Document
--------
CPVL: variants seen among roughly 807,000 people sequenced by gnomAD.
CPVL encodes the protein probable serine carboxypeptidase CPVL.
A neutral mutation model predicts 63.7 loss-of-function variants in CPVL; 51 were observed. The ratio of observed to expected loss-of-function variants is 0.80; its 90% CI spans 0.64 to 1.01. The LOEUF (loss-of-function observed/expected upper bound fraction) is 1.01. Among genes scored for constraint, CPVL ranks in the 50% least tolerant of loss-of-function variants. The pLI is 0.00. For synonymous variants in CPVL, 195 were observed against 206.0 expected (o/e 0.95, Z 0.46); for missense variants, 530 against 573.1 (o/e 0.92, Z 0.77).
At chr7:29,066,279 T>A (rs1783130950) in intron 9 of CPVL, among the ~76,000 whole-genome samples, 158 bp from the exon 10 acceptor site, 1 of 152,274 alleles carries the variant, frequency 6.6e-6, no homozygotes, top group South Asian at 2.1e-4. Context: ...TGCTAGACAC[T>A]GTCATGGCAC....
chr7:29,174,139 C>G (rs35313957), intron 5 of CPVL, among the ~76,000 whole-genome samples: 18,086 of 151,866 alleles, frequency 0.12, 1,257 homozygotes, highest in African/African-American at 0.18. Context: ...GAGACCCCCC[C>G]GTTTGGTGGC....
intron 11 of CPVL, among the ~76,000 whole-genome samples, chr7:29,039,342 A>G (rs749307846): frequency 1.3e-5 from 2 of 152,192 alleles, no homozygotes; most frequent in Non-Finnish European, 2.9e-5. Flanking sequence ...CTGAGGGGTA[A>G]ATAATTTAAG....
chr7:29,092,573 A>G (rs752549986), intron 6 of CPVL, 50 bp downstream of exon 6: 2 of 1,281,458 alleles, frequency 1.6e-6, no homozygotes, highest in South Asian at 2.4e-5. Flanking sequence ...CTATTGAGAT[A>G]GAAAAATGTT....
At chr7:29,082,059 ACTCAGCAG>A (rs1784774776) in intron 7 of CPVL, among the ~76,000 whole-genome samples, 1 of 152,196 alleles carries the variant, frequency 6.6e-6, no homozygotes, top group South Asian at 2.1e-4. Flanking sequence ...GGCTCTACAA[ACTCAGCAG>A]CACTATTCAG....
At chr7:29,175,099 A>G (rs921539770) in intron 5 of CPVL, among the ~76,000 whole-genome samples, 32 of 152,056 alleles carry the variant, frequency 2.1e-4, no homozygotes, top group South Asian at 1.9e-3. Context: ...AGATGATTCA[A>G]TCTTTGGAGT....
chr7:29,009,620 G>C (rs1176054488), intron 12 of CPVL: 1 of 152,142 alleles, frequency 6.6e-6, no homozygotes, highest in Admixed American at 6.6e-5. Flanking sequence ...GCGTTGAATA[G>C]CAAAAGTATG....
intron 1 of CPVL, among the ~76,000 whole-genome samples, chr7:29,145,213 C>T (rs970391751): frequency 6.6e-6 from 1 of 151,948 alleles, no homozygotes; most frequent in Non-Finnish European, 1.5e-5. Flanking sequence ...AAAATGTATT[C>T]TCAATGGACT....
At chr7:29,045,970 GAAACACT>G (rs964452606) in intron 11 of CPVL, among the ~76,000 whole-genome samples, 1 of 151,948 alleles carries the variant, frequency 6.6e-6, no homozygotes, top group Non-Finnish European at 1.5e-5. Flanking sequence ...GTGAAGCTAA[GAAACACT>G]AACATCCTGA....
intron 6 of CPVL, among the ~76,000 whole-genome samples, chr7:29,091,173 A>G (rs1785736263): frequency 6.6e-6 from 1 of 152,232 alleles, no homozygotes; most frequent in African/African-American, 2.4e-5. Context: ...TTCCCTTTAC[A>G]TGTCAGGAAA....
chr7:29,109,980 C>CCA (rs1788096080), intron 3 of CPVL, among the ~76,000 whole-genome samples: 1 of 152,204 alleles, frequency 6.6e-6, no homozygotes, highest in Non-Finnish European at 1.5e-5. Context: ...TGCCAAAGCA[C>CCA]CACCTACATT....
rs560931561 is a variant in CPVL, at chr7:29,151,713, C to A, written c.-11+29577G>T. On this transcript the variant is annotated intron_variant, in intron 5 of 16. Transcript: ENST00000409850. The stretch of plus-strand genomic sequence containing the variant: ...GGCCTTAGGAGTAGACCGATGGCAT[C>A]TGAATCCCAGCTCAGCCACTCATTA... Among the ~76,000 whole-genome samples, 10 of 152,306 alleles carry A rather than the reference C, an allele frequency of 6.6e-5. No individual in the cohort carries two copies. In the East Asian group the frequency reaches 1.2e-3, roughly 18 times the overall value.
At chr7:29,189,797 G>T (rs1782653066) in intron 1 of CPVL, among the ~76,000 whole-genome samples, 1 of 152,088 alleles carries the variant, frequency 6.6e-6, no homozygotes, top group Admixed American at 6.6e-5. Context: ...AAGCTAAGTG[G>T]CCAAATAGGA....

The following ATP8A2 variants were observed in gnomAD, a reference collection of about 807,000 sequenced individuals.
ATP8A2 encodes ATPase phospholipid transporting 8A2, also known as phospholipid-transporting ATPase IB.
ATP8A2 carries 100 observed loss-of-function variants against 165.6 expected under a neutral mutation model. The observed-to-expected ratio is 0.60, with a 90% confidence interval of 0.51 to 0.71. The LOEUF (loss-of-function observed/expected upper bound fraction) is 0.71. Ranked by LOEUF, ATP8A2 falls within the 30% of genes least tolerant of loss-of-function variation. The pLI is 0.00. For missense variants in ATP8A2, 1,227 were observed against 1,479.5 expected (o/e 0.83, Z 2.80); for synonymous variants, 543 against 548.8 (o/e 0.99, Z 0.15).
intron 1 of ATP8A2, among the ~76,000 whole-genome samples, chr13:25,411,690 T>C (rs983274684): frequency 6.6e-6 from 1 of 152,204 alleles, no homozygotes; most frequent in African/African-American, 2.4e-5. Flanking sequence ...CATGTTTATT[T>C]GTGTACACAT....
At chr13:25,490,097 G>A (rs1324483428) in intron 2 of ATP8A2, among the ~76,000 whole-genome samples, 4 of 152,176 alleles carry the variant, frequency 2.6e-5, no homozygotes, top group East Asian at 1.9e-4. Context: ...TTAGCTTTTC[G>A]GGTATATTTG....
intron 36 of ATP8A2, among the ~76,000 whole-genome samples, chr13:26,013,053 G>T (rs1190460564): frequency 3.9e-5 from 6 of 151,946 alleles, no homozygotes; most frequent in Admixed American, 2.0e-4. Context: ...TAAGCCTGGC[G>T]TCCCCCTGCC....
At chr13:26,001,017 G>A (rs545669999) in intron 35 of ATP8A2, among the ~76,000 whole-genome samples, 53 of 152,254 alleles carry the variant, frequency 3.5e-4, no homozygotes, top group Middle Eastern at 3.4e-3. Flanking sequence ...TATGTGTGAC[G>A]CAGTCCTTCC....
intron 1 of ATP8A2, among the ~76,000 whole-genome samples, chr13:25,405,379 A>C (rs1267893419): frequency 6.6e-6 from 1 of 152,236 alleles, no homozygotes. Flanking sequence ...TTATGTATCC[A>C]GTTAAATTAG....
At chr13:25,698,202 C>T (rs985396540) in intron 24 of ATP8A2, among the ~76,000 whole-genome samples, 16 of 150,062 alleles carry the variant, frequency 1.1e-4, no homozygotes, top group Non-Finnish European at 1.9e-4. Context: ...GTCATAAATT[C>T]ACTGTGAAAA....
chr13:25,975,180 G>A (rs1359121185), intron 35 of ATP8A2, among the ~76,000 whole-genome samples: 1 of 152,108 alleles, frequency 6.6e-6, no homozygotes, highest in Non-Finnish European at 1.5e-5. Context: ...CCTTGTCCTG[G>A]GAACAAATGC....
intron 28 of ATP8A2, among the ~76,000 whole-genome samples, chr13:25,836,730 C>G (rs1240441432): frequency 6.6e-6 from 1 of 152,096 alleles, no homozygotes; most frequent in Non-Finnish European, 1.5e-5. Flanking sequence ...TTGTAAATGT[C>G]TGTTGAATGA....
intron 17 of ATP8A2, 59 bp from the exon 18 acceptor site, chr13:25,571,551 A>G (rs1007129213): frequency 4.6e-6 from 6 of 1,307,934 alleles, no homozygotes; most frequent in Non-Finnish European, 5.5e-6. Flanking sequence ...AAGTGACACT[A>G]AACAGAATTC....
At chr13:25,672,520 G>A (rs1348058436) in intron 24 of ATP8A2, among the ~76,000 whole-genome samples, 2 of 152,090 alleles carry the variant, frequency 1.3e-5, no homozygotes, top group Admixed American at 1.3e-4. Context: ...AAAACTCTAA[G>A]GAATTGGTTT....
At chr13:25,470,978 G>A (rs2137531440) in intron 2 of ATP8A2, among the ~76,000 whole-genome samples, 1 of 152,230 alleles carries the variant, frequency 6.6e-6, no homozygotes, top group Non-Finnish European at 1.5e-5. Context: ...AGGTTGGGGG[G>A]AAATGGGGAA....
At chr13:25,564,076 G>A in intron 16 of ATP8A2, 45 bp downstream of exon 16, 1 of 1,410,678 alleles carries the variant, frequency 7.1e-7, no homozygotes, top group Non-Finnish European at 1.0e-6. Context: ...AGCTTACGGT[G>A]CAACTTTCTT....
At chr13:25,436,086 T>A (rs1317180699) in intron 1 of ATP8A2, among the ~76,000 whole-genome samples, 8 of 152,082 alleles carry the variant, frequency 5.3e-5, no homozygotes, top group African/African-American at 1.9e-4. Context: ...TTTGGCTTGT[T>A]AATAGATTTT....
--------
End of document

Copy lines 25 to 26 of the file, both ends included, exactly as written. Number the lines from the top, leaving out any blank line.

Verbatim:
At chr13:25,698,202 C>T (rs985396540) in intron 24 of ATP8A2, among the ~76,000 whole-genome samples, 16 of 150,062 alleles carry the variant, frequency 1.1e-4, no homozygotes, top group Non-Finnish European at 1.9e-4. Context: ...GTCATAAATT[C>T]ACTGTGAAAA....
chr13:25,975,180 G>A (rs1359121185), intron 35 of ATP8A2, among the ~76,000 whole-genome samples: 1 of 152,108 alleles, frequency 6.6e-6, no homozygotes, highest in Non-Finnish European at 1.5e-5. Context: ...CCTTGTCCTG[G>A]GAACAAATGC....